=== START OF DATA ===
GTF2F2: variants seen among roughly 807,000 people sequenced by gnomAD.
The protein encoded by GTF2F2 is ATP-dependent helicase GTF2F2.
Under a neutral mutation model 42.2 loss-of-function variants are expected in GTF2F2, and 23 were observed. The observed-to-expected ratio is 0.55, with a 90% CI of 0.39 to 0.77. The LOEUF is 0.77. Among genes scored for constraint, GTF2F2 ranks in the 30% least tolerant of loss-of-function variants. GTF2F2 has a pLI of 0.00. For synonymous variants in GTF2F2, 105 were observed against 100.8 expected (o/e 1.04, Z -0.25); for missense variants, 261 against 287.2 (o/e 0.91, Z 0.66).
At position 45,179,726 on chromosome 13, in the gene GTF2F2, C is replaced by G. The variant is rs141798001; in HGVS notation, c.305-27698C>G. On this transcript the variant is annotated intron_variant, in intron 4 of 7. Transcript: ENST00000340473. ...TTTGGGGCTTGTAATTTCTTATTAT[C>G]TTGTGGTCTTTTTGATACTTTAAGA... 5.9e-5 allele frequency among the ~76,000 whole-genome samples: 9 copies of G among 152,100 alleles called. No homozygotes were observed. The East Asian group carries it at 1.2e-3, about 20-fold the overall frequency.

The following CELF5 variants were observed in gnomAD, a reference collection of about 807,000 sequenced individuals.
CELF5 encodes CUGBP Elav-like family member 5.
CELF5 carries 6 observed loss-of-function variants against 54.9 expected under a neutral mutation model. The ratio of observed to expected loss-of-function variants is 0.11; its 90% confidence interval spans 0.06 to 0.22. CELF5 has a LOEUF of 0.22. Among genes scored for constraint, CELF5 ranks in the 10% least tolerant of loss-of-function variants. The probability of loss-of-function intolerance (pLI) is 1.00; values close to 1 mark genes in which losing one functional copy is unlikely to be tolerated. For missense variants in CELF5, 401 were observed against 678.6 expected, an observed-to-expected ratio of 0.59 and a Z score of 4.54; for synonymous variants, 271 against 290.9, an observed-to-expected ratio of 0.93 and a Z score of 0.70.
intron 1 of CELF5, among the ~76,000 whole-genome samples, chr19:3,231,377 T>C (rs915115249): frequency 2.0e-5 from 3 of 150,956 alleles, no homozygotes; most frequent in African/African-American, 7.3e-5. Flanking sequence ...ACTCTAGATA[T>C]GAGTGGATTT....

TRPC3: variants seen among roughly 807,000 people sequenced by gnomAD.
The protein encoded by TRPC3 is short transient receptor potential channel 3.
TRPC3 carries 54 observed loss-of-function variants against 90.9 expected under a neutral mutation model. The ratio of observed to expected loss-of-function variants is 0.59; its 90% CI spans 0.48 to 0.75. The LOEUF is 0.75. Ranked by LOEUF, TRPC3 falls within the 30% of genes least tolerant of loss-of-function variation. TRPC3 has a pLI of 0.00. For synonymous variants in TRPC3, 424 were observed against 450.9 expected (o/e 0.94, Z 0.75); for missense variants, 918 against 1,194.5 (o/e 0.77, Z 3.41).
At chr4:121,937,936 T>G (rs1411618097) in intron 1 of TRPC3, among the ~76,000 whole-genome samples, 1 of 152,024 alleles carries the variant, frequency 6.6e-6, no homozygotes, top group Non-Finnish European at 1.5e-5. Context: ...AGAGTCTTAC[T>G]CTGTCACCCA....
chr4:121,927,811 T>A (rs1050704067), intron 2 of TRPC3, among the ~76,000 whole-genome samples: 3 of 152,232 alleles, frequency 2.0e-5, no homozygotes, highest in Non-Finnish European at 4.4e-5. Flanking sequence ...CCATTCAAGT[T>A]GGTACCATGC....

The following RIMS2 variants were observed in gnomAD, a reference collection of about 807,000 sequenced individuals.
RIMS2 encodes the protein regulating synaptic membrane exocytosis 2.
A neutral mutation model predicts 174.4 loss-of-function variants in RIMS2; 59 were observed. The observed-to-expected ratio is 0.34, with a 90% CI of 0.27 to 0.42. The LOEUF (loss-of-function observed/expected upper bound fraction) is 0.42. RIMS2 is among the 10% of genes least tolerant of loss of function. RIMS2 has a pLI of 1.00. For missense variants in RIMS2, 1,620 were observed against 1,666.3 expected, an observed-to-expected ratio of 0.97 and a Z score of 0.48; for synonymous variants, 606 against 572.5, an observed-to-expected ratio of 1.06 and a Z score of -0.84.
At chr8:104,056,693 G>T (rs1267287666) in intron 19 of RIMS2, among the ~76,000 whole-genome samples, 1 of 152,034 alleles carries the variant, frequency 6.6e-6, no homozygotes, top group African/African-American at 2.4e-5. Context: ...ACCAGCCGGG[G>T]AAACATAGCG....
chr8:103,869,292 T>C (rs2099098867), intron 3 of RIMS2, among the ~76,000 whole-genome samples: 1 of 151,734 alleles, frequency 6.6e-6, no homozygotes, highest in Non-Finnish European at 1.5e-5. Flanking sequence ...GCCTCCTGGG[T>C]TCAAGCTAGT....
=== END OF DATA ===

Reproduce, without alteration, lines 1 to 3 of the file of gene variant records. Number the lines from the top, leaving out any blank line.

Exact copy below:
GTF2F2: variants seen among roughly 807,000 people sequenced by gnomAD.
The protein encoded by GTF2F2 is ATP-dependent helicase GTF2F2.
Under a neutral mutation model 42.2 loss-of-function variants are expected in GTF2F2, and 23 were observed. The observed-to-expected ratio is 0.55, with a 90% CI of 0.39 to 0.77. The LOEUF is 0.77. Among genes scored for constraint, GTF2F2 ranks in the 30% least tolerant of loss-of-function variants. GTF2F2 has a pLI of 0.00. For synonymous variants in GTF2F2, 105 were observed against 100.8 expected (o/e 1.04, Z -0.25); for missense variants, 261 against 287.2 (o/e 0.91, Z 0.66).